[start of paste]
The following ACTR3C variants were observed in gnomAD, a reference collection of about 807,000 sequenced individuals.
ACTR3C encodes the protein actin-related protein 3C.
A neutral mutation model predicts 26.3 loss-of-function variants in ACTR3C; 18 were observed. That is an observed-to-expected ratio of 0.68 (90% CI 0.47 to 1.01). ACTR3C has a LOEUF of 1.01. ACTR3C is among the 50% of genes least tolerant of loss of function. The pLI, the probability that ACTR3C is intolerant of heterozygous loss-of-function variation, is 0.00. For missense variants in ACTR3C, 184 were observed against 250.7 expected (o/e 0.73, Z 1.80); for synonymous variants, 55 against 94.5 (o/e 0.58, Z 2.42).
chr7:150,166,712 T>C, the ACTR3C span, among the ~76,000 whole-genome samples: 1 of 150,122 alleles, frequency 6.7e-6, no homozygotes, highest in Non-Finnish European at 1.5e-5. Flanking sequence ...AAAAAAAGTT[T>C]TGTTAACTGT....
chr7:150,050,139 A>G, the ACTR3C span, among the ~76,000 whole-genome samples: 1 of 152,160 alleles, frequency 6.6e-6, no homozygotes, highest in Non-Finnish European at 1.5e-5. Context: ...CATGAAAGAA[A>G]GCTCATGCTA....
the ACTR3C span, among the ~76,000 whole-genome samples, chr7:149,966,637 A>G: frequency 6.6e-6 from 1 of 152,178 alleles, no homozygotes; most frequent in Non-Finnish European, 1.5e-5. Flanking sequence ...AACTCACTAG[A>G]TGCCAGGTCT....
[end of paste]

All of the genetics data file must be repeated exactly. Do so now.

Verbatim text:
The following ACTR3C variants were observed in gnomAD, a reference collection of about 807,000 sequenced individuals.
ACTR3C encodes the protein actin-related protein 3C.
A neutral mutation model predicts 26.3 loss-of-function variants in ACTR3C; 18 were observed. That is an observed-to-expected ratio of 0.68 (90% CI 0.47 to 1.01). ACTR3C has a LOEUF of 1.01. ACTR3C is among the 50% of genes least tolerant of loss of function. The pLI, the probability that ACTR3C is intolerant of heterozygous loss-of-function variation, is 0.00. For missense variants in ACTR3C, 184 were observed against 250.7 expected (o/e 0.73, Z 1.80); for synonymous variants, 55 against 94.5 (o/e 0.58, Z 2.42).
chr7:150,166,712 T>C, the ACTR3C span, among the ~76,000 whole-genome samples: 1 of 150,122 alleles, frequency 6.7e-6, no homozygotes, highest in Non-Finnish European at 1.5e-5. Flanking sequence ...AAAAAAAGTT[T>C]TGTTAACTGT....
chr7:150,050,139 A>G, the ACTR3C span, among the ~76,000 whole-genome samples: 1 of 152,160 alleles, frequency 6.6e-6, no homozygotes, highest in Non-Finnish European at 1.5e-5. Context: ...CATGAAAGAA[A>G]GCTCATGCTA....
the ACTR3C span, among the ~76,000 whole-genome samples, chr7:149,966,637 A>G: frequency 6.6e-6 from 1 of 152,178 alleles, no homozygotes; most frequent in Non-Finnish European, 1.5e-5. Flanking sequence ...AACTCACTAG[A>G]TGCCAGGTCT....